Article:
Every once in a while I have an experience that causes me to meditate on the question of how much variation in human behavior is genetically driven. I’ve written before about my gradually increasing awareness that I am genetically designed to enjoy combat. I had another experience something like this last night in a completely different domain – learning to solder.
Some weeks ago A&D regular Craig Trader reacted to my string of posts about the Great Beast of Malvern by dropping a TV-B-Gone kit into my and and saying “Here. Your next challenge.”
This is a thing I love about my peer group: that their idea of a good gift is one that challenges me to learn a skill outside my comfort zone. Because to turn that bag of parts into a working device, I’d need to – gulp – mess with hardware
My gut reaction to this prospect was a kind of terror that is probably difficult for anyone under 35 or so to understand. You see, I learned my programming in the era of minicomputers when electronics was ludicrously expensive by modern standards. I still have a twitch that if I touch electronic hardware I will fuck up and it will be hideously costly and I will end my days in some sort of horrible debt peonage trying to pay off the liability.
This twitch has significantly interfered with my ability to kit-bash my personal computers. I do it when I have to, but find it a tense, unhappy, jangle-nerved experience when I have to put my hands on and avoid that whenever possible. That is, opposed to doing whole-systems hardware design when I can use somebody else’s hands for the actual assembly; I’m completely fine with that.
Craig did a good thing for me, because What he gave me was a Mylar bag of parts that are obviously cheap. That is, if I ruin them it’s no big deal beyond my fussy engineer’s dislike of having wasted anything that could have been put to a productive use.
So I bethought me of another friend, Phil Salkie, who has hardware skillz and asked him if he’d teach me how to solder and he said he’d be delighted to. Which is how I ended up spending yesterday evening at a bench with a borrowed soldering station being patiently and carefully instructed in how to solder together a TV-B-Gone.
Which I did. And it worked, and actually came out really well – Phil pronounced it a good clean build, and when I posted a picture on G+ others noted the same.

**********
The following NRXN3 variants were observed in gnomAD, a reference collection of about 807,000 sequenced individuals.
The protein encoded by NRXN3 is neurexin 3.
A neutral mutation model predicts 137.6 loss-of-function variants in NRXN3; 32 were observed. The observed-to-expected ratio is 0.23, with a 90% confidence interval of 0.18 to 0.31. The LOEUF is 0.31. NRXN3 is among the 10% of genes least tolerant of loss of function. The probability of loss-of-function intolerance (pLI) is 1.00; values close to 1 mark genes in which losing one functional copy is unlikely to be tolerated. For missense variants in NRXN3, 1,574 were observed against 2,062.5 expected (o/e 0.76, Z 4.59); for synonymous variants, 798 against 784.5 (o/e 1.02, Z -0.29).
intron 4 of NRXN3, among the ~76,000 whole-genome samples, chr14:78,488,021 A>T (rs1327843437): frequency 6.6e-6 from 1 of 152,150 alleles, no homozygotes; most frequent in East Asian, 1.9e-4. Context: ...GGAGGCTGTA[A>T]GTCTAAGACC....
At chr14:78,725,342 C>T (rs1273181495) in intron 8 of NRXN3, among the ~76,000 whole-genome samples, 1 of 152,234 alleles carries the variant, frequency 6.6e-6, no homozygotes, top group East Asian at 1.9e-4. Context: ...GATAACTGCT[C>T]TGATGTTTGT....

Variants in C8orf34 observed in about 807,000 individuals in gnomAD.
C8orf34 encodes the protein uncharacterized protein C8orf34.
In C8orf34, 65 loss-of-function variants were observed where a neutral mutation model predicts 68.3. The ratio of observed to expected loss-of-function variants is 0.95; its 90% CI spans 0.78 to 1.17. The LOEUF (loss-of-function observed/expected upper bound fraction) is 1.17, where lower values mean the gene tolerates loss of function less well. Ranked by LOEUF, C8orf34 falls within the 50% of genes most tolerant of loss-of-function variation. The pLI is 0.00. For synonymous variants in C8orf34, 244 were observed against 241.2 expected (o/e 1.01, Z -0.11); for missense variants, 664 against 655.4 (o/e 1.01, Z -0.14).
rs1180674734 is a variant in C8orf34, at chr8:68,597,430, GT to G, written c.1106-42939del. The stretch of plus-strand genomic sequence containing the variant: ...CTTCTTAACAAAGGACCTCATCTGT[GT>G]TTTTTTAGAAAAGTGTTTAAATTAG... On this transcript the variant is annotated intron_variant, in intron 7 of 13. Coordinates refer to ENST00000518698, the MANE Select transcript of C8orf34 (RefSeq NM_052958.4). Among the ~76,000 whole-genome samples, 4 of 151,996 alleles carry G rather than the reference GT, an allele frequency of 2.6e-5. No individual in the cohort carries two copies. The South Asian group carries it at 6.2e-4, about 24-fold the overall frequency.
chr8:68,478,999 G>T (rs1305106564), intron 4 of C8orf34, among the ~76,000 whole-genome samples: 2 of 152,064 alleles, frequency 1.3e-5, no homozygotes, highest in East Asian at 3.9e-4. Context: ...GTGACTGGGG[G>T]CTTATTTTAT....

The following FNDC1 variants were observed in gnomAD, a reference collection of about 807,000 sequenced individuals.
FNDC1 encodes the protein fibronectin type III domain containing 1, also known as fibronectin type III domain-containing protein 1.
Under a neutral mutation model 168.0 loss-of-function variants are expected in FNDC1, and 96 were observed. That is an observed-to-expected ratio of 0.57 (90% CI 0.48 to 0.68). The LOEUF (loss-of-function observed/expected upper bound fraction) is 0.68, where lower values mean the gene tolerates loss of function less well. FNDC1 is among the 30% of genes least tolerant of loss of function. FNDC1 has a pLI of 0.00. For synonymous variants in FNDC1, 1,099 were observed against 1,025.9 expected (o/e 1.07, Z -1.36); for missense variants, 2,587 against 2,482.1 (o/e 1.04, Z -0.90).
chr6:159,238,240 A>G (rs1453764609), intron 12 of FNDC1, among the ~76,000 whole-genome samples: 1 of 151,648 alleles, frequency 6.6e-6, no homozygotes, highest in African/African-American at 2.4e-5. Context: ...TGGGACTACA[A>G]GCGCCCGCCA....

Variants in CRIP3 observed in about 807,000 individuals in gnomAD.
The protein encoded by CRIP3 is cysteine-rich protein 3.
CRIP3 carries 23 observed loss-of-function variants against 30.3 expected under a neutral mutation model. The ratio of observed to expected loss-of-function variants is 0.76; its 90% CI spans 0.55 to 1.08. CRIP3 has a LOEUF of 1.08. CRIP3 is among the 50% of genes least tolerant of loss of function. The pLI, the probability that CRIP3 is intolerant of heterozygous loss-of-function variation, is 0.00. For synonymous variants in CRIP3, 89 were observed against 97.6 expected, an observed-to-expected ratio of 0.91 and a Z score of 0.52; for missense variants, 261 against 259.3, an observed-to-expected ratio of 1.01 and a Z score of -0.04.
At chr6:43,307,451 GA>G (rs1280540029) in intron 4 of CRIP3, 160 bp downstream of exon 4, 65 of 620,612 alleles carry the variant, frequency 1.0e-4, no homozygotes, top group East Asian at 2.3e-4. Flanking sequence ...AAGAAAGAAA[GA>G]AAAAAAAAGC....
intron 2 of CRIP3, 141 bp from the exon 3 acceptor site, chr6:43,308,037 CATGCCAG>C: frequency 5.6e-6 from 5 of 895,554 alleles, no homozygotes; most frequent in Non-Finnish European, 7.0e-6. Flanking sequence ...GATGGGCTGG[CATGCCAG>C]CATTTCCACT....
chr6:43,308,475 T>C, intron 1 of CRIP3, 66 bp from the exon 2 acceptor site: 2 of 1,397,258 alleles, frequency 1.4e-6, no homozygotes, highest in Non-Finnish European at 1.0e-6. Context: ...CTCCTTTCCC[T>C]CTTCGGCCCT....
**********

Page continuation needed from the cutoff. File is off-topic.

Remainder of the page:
Now here’s the wacky part: despite my fear of hardware I wasn’t really surprised at this. Because doing it felt right. Satisfying. Smooth. Like I was designed for the job. What I needed to learn was just details of technique; the cognitive set for it was already in place and at some points in the procedure I entered a light flow state. On my first build!
A thing that helped: my father was a handy amateur electronics tech who built his own stereo equipment in the 1950s when that was a thing, and at one time repaired TVs semi-professionally. I was an observant child and retain some early memories of watching him work. One bit of lore that stayed with me is lightly twisting together the metal fibers in a wire before tinning them. (Phil explained why you don’t want to do this if the tinned wire is going into a compression connector – mashing twisted fibers will sometimes cut them – but such connectors barely existed in my dad’s day other than as punchdowns for telephone wire.)
So I actually had some cultural resources here. But even outside electronics I have a history of being surprisingly good at precision handwork considering that I have freakin’ spastic palsy. When I don’t have a specific fear of bad consequences that paralyzes me I find it calming and pleasant to do things like tying flies or assembling small models. I have long suspected that had I been born in preindustrial times I would probably have found my way into some sort of fine craftsmanship like making watches or jewelry or musical instruments.
While this affinity isn’t terribly uncommon in developmentally normal people, it would be a very odd trait to find in combination in someone like me with damaged motor control and partial hemiparalysis if it were entirely learned. Thus, I am driven to suspect that a significant genetic component must be in play.
Having formed that suspicion, there is something about my known ancestry that jumps out at me. That is, my mother’s direct ancestors were Swiss-Germans from the region of Zurich – and I take after them; I’ve been there lecturing at ETH and was told I could pass for a local in a heartbeat.
This tiny region of Europe has been producing a disproportionately large share of the craftsmen who do precision work with small parts for centuries. To the point where in the U.S. the most important single school of precision machining traces its origins to there and is sometimes still called “Swiss system”. Um…coincidence?
I don’t think so. I suspect that for some reason lost in the mists of prehistory that population was selected for traits that later turned out to be pre-adaptive for crafts like watchmaking – fine motor control, patience, perfectionism, pleasure in building things – and that I inherited pretty much the whole boatload. Giving me a strong enough bent in that direction that even spastic palsy and fear of screwing up couldn’t prevent me from being good at it.
Actually I think I might even have a guess about what in the EAA did this. Some of the earliest settlements in the region were lake-dwellers who, naturally, would have fished intensively. Hundreds of generations of selection for net-makers, net-menders, and net-minders, perhaps?
We know of other trait clusters like this. East Africans and distance running is the one that leaps to mind. What others might we be missing?